Individuals and groups are invited to submit abstracts under one of the five sub themes below. 

  • Improving the evidence for action
  • Dealing with uncertainty
  • Sustainability policy in 2015
  • Exploring the policy / research interface
  • Achieving impact through communication and dialogue

Abstracts of oral presentation (approx. 10 min. presentation plus Q&A) and posters can be submitted until Friday 17th October.

For more information please go here.


IBE Special Issue, Behaviour and Energy Use within the Indoor and Built Environment

Published At: Fri 08 August 2014 09:00 BST - Expires At: Fri 05 September 2014 11:46 BST - (40 Reads)

The increasing potential for dramatic climatic changes and rising fuel prices, coupled with the need to protect the future of our energy supply, mean that there is an urgent need for reducing energy consumption, carbon emissions and overreliance on fossil fuels. Whilst it is often mentioned that worldwide 30-40% of all primary energy is used in buildings, the role of people in buildings’ energy use is often poorly understood and overlooked, despite the fact that ‘buildings don’t use energy: people do’.

This Special Issue of the Indoor and Built Environment Journal will appeal to researchers from the social, engineering and built environment sciences as well as to policy makers, product development and energy supply companies, the construction and design industry, and third sector organisations. The guest editors (Marcella Ucci & Michelle Shipworth) invite the submission of papers, especially those underpinned by multidisciplinary and interdisciplinary approaches, addressing the role of people in creating and reducing the demand for energy in the indoor and built environment, with the following indicative themes:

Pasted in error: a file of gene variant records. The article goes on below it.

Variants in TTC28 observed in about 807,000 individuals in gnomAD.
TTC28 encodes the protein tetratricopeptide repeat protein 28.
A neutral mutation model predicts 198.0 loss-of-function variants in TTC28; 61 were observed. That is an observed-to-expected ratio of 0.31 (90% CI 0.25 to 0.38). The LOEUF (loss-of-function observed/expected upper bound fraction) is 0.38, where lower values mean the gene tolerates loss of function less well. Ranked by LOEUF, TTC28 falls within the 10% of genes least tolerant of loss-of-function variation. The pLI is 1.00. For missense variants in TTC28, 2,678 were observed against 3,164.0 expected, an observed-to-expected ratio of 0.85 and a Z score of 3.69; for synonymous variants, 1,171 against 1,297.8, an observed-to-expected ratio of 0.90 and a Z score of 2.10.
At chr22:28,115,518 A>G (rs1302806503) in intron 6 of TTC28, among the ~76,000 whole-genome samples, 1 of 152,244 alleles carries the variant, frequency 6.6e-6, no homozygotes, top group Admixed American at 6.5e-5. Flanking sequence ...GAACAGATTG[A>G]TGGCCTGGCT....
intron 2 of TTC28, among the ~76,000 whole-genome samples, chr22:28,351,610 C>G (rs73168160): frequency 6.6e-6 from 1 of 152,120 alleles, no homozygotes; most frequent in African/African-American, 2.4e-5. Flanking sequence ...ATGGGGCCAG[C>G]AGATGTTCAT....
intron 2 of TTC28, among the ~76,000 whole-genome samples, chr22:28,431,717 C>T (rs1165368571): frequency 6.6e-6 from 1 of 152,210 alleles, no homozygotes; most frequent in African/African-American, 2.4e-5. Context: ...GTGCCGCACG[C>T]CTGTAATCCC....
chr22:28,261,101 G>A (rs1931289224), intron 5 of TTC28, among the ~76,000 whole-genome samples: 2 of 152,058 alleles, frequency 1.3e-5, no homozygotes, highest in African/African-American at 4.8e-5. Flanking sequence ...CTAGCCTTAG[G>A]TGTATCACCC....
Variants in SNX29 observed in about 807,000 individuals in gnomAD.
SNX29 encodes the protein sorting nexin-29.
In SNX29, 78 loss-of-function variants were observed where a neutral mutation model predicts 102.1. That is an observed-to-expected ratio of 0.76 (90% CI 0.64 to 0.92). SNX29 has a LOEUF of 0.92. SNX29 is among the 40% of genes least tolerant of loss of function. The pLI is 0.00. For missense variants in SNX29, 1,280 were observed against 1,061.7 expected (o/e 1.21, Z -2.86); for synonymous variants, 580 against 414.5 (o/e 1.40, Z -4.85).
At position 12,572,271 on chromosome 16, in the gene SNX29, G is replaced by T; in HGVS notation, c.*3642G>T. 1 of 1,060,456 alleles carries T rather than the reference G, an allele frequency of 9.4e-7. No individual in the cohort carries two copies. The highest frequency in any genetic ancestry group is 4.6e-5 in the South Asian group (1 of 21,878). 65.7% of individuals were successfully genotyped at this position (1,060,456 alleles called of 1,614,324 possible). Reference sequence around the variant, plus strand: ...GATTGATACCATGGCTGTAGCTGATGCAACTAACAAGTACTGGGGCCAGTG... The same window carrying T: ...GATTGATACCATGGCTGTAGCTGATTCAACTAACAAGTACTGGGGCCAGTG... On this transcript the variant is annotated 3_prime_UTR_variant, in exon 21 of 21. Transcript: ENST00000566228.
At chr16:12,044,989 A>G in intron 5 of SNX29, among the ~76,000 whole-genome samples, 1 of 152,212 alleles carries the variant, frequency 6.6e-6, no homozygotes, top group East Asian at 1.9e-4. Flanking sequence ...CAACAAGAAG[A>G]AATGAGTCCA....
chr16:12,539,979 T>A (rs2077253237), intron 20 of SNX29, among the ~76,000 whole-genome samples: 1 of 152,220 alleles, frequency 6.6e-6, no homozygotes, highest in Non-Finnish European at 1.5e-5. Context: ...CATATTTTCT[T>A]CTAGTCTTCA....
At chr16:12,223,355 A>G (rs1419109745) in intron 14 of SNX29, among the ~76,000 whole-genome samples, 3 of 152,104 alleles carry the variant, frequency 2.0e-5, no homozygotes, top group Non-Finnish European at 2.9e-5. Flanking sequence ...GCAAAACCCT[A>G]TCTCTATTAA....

• Understanding behaviour and social practices that result in energy use in buildings.
  • Intervention and behaviour change strategies to either reduce energy use or shift the timing of energy demand. This includes strategies utilizing ICT, feedback, smart meters and social media and could be focused on the household, workplace or community. This could also include evaluations of policies operating on this theme (discussion papers may be considered on this aspect).
  • Human dimensions of improving the energy efficiency of buildings and building technologies – including understanding “rebound” and “spillover” effects.
  • Historical and cultural dimensions of the expectations of service that are entailed in energy demand in buildings (e.g. thermal comfort expectations), as well as the systems of provision for those services.
  • Understanding behaviour and social practices associated with energy efficient retrofits/ renovations and investments in energy efficient buildings/technologies. Trade-offs and synergies between reduction of energy use and human health, comfort and wellbeing.
  • Modelling: for example modelling the effect of interventions and policies

For any of the themes above, the paper will have to suitably highlight/discuss its relevance to and implications for the design and management of the indoor and built environment, and/or for the occupants’ comfort, health and wellbeing. Abstracts will be selected to ensure a broad and varied selection of high quality papers.

Please send your abstracts to Marcella ( by the closing date although earlier submission is strongly encouraged. Name your email: “IBE Special Issue Abstract Submission”. Abstracts should be around 500 words, if a longer draft is already available please send it alongside the abstract. The closing date for abstract submission is the 5th September 2014.


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This week's reports

Published At: Fri 08 August 2014 09:00 BST - Expires At: Mon 08 September 2014 10:08 BST - (46 Reads)

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Jobs and opportunities

Research Assistant/Associate in Energy and Material Demand Reduction x 3 (Fixed Term), University of Cambridge

Published At: Fri 08 August 2014 09:00 BST - Expires At: Sun 14 September 2014 11:37 BST - (39 Reads)

Three positions exist for either Research Assistants/Associates to explore the design and delivery of physical changes and/or new business strategies to reduce energy and material demand in specific industrial sectors. These posts could suit applicants with a wide variety of backgrounds including engineering, science, business or social sciences, and might for example include: